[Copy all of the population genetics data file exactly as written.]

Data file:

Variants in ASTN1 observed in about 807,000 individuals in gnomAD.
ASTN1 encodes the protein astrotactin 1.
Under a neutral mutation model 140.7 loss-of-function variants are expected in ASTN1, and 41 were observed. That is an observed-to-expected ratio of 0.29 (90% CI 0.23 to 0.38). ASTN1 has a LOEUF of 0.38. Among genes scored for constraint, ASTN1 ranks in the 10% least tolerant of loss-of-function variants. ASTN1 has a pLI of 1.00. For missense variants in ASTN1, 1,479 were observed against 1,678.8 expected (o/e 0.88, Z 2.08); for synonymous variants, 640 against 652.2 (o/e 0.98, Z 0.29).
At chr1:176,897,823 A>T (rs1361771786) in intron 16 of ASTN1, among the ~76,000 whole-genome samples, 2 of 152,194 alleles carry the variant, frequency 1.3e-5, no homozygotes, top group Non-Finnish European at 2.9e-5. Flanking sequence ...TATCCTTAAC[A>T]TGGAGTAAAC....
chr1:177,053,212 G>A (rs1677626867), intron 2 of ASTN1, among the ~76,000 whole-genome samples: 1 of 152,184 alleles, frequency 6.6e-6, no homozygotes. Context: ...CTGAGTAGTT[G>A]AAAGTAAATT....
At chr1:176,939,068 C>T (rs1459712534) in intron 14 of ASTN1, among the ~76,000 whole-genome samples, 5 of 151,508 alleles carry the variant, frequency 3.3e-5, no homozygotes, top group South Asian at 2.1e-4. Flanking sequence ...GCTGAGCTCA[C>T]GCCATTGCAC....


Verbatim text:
Variants in ASTN1 observed in about 807,000 individuals in gnomAD.
ASTN1 encodes the protein astrotactin 1.
Under a neutral mutation model 140.7 loss-of-function variants are expected in ASTN1, and 41 were observed. That is an observed-to-expected ratio of 0.29 (90% CI 0.23 to 0.38). ASTN1 has a LOEUF of 0.38. Among genes scored for constraint, ASTN1 ranks in the 10% least tolerant of loss-of-function variants. ASTN1 has a pLI of 1.00. For missense variants in ASTN1, 1,479 were observed against 1,678.8 expected (o/e 0.88, Z 2.08); for synonymous variants, 640 against 652.2 (o/e 0.98, Z 0.29).
At chr1:176,897,823 A>T (rs1361771786) in intron 16 of ASTN1, among the ~76,000 whole-genome samples, 2 of 152,194 alleles carry the variant, frequency 1.3e-5, no homozygotes, top group Non-Finnish European at 2.9e-5. Flanking sequence ...TATCCTTAAC[A>T]TGGAGTAAAC....
chr1:177,053,212 G>A (rs1677626867), intron 2 of ASTN1, among the ~76,000 whole-genome samples: 1 of 152,184 alleles, frequency 6.6e-6, no homozygotes. Context: ...CTGAGTAGTT[G>A]AAAGTAAATT....
At chr1:176,939,068 C>T (rs1459712534) in intron 14 of ASTN1, among the ~76,000 whole-genome samples, 5 of 151,508 alleles carry the variant, frequency 3.3e-5, no homozygotes, top group South Asian at 2.1e-4. Flanking sequence ...GCTGAGCTCA[C>T]GCCATTGCAC....